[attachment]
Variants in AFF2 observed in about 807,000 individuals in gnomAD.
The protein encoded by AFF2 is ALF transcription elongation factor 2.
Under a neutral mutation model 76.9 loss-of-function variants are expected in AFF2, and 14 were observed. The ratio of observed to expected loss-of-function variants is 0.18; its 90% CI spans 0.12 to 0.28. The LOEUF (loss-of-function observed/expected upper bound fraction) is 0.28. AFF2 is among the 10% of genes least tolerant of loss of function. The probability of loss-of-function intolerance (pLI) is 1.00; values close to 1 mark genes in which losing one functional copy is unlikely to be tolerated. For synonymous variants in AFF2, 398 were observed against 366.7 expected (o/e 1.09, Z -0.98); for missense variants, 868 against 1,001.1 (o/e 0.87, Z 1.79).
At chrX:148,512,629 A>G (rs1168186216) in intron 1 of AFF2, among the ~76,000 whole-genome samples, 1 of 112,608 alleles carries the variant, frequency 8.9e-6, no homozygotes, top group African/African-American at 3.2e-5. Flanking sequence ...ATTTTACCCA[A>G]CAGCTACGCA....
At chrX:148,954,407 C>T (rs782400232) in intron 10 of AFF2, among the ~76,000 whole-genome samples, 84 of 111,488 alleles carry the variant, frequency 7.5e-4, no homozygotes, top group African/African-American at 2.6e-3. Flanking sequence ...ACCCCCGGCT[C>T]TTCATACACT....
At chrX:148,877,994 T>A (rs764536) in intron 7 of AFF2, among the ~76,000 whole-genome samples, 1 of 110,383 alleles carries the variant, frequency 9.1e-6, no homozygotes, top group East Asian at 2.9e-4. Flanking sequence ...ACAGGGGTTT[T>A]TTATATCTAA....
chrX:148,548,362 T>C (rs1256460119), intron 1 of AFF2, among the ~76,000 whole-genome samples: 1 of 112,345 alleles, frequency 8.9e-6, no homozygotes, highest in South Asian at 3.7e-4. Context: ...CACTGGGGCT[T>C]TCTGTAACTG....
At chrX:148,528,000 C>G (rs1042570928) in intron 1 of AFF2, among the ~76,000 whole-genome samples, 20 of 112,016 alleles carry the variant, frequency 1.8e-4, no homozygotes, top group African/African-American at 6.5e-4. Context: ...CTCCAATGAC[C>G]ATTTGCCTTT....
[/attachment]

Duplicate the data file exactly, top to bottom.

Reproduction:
Variants in AFF2 observed in about 807,000 individuals in gnomAD.
The protein encoded by AFF2 is ALF transcription elongation factor 2.
Under a neutral mutation model 76.9 loss-of-function variants are expected in AFF2, and 14 were observed. The ratio of observed to expected loss-of-function variants is 0.18; its 90% CI spans 0.12 to 0.28. The LOEUF (loss-of-function observed/expected upper bound fraction) is 0.28. AFF2 is among the 10% of genes least tolerant of loss of function. The probability of loss-of-function intolerance (pLI) is 1.00; values close to 1 mark genes in which losing one functional copy is unlikely to be tolerated. For synonymous variants in AFF2, 398 were observed against 366.7 expected (o/e 1.09, Z -0.98); for missense variants, 868 against 1,001.1 (o/e 0.87, Z 1.79).
At chrX:148,512,629 A>G (rs1168186216) in intron 1 of AFF2, among the ~76,000 whole-genome samples, 1 of 112,608 alleles carries the variant, frequency 8.9e-6, no homozygotes, top group African/African-American at 3.2e-5. Flanking sequence ...ATTTTACCCA[A>G]CAGCTACGCA....
At chrX:148,954,407 C>T (rs782400232) in intron 10 of AFF2, among the ~76,000 whole-genome samples, 84 of 111,488 alleles carry the variant, frequency 7.5e-4, no homozygotes, top group African/African-American at 2.6e-3. Flanking sequence ...ACCCCCGGCT[C>T]TTCATACACT....
At chrX:148,877,994 T>A (rs764536) in intron 7 of AFF2, among the ~76,000 whole-genome samples, 1 of 110,383 alleles carries the variant, frequency 9.1e-6, no homozygotes, top group East Asian at 2.9e-4. Flanking sequence ...ACAGGGGTTT[T>A]TTATATCTAA....
chrX:148,548,362 T>C (rs1256460119), intron 1 of AFF2, among the ~76,000 whole-genome samples: 1 of 112,345 alleles, frequency 8.9e-6, no homozygotes, highest in South Asian at 3.7e-4. Context: ...CACTGGGGCT[T>C]TCTGTAACTG....
At chrX:148,528,000 C>G (rs1042570928) in intron 1 of AFF2, among the ~76,000 whole-genome samples, 20 of 112,016 alleles carry the variant, frequency 1.8e-4, no homozygotes, top group African/African-American at 6.5e-4. Context: ...CTCCAATGAC[C>G]ATTTGCCTTT....